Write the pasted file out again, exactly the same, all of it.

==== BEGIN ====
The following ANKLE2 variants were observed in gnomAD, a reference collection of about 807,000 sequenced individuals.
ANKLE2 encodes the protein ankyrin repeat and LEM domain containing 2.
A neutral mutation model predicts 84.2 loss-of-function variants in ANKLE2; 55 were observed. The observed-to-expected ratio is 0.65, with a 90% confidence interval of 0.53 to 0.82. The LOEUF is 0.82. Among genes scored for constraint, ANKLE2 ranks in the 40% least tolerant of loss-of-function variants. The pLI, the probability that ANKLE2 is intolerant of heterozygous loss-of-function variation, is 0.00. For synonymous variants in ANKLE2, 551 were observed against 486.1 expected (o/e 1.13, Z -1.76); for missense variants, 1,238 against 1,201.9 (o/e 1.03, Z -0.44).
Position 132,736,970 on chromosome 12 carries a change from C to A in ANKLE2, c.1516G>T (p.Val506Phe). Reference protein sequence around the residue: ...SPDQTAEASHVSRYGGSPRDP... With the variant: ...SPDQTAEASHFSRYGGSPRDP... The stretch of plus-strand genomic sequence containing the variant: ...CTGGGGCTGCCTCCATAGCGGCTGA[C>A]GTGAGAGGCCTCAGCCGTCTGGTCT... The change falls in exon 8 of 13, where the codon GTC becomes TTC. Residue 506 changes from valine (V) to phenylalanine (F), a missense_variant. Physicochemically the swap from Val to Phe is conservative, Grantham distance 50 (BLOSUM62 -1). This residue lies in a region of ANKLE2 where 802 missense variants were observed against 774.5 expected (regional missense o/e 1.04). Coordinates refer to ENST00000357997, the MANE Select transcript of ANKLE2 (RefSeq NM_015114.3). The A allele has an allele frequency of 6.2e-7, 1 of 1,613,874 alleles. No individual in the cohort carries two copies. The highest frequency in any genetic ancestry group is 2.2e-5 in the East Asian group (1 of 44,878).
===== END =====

The following ANKLE2 variants were observed in gnomAD, a reference collection of about 807,000 sequenced individuals.
ANKLE2 encodes the protein ankyrin repeat and LEM domain containing 2.
A neutral mutation model predicts 84.2 loss-of-function variants in ANKLE2; 55 were observed. The observed-to-expected ratio is 0.65, with a 90% confidence interval of 0.53 to 0.82. The LOEUF is 0.82. Among genes scored for constraint, ANKLE2 ranks in the 40% least tolerant of loss-of-function variants. The pLI, the probability that ANKLE2 is intolerant of heterozygous loss-of-function variation, is 0.00. For synonymous variants in ANKLE2, 551 were observed against 486.1 expected (o/e 1.13, Z -1.76); for missense variants, 1,238 against 1,201.9 (o/e 1.03, Z -0.44).
Position 132,736,970 on chromosome 12 carries a change from C to A in ANKLE2, c.1516G>T (p.Val506Phe). Reference protein sequence around the residue: ...SPDQTAEASHVSRYGGSPRDP... With the variant: ...SPDQTAEASHFSRYGGSPRDP... The stretch of plus-strand genomic sequence containing the variant: ...CTGGGGCTGCCTCCATAGCGGCTGA[C>A]GTGAGAGGCCTCAGCCGTCTGGTCT... The change falls in exon 8 of 13, where the codon GTC becomes TTC. Residue 506 changes from valine (V) to phenylalanine (F), a missense_variant. Physicochemically the swap from Val to Phe is conservative, Grantham distance 50 (BLOSUM62 -1). This residue lies in a region of ANKLE2 where 802 missense variants were observed against 774.5 expected (regional missense o/e 1.04). Coordinates refer to ENST00000357997, the MANE Select transcript of ANKLE2 (RefSeq NM_015114.3). The A allele has an allele frequency of 6.2e-7, 1 of 1,613,874 alleles. No individual in the cohort carries two copies. The highest frequency in any genetic ancestry group is 2.2e-5 in the East Asian group (1 of 44,878).